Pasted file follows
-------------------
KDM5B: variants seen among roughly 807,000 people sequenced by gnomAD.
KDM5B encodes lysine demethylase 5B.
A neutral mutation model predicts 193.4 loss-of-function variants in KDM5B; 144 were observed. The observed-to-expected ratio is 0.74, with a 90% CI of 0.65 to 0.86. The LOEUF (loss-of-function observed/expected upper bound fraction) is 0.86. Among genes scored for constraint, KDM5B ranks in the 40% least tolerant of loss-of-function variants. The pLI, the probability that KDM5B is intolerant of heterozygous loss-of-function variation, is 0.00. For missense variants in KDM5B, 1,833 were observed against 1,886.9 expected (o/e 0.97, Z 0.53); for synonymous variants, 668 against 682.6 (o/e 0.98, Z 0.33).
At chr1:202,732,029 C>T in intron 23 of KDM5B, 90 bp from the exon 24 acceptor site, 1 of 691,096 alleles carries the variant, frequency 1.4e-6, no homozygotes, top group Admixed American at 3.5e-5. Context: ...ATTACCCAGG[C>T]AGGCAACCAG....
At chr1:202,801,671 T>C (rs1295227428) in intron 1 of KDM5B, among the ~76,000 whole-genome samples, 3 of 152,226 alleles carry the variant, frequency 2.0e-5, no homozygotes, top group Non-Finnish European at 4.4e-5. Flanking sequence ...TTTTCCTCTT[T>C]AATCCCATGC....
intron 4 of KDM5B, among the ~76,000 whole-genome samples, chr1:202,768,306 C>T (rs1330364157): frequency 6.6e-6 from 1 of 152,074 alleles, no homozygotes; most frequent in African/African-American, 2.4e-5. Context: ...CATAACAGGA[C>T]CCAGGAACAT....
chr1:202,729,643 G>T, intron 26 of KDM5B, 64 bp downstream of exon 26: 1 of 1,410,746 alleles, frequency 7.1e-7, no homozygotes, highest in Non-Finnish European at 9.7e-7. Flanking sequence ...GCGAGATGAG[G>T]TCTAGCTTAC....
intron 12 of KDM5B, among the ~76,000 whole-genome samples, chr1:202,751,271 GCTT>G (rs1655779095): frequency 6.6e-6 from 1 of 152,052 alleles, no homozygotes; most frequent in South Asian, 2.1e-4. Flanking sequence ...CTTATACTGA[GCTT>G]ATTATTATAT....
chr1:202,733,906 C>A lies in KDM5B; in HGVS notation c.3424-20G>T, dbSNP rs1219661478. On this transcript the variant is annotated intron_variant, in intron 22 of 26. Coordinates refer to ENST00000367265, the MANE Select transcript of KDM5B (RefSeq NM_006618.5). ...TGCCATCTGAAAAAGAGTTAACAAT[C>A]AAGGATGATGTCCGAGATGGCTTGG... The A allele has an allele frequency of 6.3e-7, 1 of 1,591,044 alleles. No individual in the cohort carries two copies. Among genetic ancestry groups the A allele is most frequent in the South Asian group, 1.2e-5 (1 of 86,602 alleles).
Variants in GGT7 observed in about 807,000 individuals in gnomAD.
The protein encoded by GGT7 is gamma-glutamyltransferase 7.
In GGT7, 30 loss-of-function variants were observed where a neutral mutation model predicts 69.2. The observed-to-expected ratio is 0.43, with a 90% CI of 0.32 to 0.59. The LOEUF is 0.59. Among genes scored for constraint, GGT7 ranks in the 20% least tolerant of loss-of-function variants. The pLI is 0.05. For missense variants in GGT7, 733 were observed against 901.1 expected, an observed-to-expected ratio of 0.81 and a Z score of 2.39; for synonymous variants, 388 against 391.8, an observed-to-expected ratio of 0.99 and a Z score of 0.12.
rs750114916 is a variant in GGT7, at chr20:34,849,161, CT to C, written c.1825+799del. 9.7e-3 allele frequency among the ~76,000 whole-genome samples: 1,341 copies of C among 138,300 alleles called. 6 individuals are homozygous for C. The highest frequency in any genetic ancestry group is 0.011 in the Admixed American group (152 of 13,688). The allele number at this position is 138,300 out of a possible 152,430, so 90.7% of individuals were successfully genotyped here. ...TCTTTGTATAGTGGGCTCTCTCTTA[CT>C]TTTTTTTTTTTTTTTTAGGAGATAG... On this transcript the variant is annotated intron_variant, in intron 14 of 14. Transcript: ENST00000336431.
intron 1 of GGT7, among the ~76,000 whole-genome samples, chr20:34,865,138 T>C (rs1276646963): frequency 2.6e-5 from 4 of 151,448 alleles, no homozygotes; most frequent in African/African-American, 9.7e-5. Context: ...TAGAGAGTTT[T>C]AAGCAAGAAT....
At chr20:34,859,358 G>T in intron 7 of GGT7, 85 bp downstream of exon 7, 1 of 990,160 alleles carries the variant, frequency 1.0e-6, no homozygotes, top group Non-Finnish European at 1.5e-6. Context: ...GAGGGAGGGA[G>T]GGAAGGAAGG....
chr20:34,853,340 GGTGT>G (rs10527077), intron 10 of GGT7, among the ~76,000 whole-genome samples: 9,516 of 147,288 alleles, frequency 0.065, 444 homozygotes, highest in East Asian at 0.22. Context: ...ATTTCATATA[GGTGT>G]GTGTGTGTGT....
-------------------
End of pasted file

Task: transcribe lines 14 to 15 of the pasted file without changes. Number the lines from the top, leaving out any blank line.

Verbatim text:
intron 1 of GGT7, among the ~76,000 whole-genome samples, chr20:34,865,138 T>C (rs1276646963): frequency 2.6e-5 from 4 of 151,448 alleles, no homozygotes; most frequent in African/African-American, 9.7e-5. Context: ...TAGAGAGTTT[T>C]AAGCAAGAAT....
At chr20:34,859,358 G>T in intron 7 of GGT7, 85 bp downstream of exon 7, 1 of 990,160 alleles carries the variant, frequency 1.0e-6, no homozygotes, top group Non-Finnish European at 1.5e-6. Context: ...GAGGGAGGGA[G>T]GGAAGGAAGG....